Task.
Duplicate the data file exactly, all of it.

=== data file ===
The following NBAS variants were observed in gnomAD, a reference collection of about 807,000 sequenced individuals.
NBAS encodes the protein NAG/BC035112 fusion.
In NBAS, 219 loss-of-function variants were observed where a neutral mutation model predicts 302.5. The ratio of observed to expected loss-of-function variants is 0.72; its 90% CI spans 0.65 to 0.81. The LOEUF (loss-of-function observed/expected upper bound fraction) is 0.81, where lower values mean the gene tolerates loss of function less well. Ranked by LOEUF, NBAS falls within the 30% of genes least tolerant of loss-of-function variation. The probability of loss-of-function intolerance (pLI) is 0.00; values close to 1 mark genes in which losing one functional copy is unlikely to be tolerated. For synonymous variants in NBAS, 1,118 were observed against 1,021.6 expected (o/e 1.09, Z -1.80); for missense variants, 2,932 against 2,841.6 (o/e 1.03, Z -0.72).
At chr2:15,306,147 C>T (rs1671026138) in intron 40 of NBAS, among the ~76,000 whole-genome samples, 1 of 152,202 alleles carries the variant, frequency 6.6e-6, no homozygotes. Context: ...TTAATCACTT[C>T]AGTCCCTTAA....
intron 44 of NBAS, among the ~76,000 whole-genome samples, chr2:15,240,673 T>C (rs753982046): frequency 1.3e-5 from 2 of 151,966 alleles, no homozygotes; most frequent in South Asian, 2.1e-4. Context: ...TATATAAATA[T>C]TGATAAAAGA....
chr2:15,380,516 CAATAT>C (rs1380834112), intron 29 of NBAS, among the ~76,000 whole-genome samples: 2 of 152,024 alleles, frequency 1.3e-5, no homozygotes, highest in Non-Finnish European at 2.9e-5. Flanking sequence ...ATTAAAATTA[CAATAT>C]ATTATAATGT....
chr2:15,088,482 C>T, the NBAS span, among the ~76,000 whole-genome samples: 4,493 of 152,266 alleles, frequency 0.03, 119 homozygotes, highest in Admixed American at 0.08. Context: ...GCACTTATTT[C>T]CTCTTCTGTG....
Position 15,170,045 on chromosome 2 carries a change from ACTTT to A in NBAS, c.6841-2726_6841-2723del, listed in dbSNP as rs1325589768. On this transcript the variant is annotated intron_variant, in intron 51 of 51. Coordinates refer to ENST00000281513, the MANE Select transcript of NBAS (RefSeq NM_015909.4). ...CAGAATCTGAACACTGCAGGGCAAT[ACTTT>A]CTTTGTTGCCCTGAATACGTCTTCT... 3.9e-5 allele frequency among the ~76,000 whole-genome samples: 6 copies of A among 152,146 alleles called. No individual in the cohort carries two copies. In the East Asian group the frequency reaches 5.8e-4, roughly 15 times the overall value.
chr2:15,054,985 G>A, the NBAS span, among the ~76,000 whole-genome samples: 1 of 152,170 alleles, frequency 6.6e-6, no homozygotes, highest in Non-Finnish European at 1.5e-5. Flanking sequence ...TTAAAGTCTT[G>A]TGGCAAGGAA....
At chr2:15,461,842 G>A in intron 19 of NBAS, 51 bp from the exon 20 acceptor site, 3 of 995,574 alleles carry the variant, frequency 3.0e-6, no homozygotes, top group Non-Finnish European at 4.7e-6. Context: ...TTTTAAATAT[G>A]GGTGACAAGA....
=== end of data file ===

The following NBAS variants were observed in gnomAD, a reference collection of about 807,000 sequenced individuals.
NBAS encodes the protein NAG/BC035112 fusion.
In NBAS, 219 loss-of-function variants were observed where a neutral mutation model predicts 302.5. The ratio of observed to expected loss-of-function variants is 0.72; its 90% CI spans 0.65 to 0.81. The LOEUF (loss-of-function observed/expected upper bound fraction) is 0.81, where lower values mean the gene tolerates loss of function less well. Ranked by LOEUF, NBAS falls within the 30% of genes least tolerant of loss-of-function variation. The probability of loss-of-function intolerance (pLI) is 0.00; values close to 1 mark genes in which losing one functional copy is unlikely to be tolerated. For synonymous variants in NBAS, 1,118 were observed against 1,021.6 expected (o/e 1.09, Z -1.80); for missense variants, 2,932 against 2,841.6 (o/e 1.03, Z -0.72).
At chr2:15,306,147 C>T (rs1671026138) in intron 40 of NBAS, among the ~76,000 whole-genome samples, 1 of 152,202 alleles carries the variant, frequency 6.6e-6, no homozygotes. Context: ...TTAATCACTT[C>T]AGTCCCTTAA....
intron 44 of NBAS, among the ~76,000 whole-genome samples, chr2:15,240,673 T>C (rs753982046): frequency 1.3e-5 from 2 of 151,966 alleles, no homozygotes; most frequent in South Asian, 2.1e-4. Context: ...TATATAAATA[T>C]TGATAAAAGA....
chr2:15,380,516 CAATAT>C (rs1380834112), intron 29 of NBAS, among the ~76,000 whole-genome samples: 2 of 152,024 alleles, frequency 1.3e-5, no homozygotes, highest in Non-Finnish European at 2.9e-5. Flanking sequence ...ATTAAAATTA[CAATAT>C]ATTATAATGT....
chr2:15,088,482 C>T, the NBAS span, among the ~76,000 whole-genome samples: 4,493 of 152,266 alleles, frequency 0.03, 119 homozygotes, highest in Admixed American at 0.08. Context: ...GCACTTATTT[C>T]CTCTTCTGTG....
Position 15,170,045 on chromosome 2 carries a change from ACTTT to A in NBAS, c.6841-2726_6841-2723del, listed in dbSNP as rs1325589768. On this transcript the variant is annotated intron_variant, in intron 51 of 51. Coordinates refer to ENST00000281513, the MANE Select transcript of NBAS (RefSeq NM_015909.4). ...CAGAATCTGAACACTGCAGGGCAAT[ACTTT>A]CTTTGTTGCCCTGAATACGTCTTCT... 3.9e-5 allele frequency among the ~76,000 whole-genome samples: 6 copies of A among 152,146 alleles called. No individual in the cohort carries two copies. In the East Asian group the frequency reaches 5.8e-4, roughly 15 times the overall value.
chr2:15,054,985 G>A, the NBAS span, among the ~76,000 whole-genome samples: 1 of 152,170 alleles, frequency 6.6e-6, no homozygotes, highest in Non-Finnish European at 1.5e-5. Flanking sequence ...TTAAAGTCTT[G>A]TGGCAAGGAA....
At chr2:15,461,842 G>A in intron 19 of NBAS, 51 bp from the exon 20 acceptor site, 3 of 995,574 alleles carry the variant, frequency 3.0e-6, no homozygotes, top group Non-Finnish European at 4.7e-6. Context: ...TTTTAAATAT[G>A]GGTGACAAGA....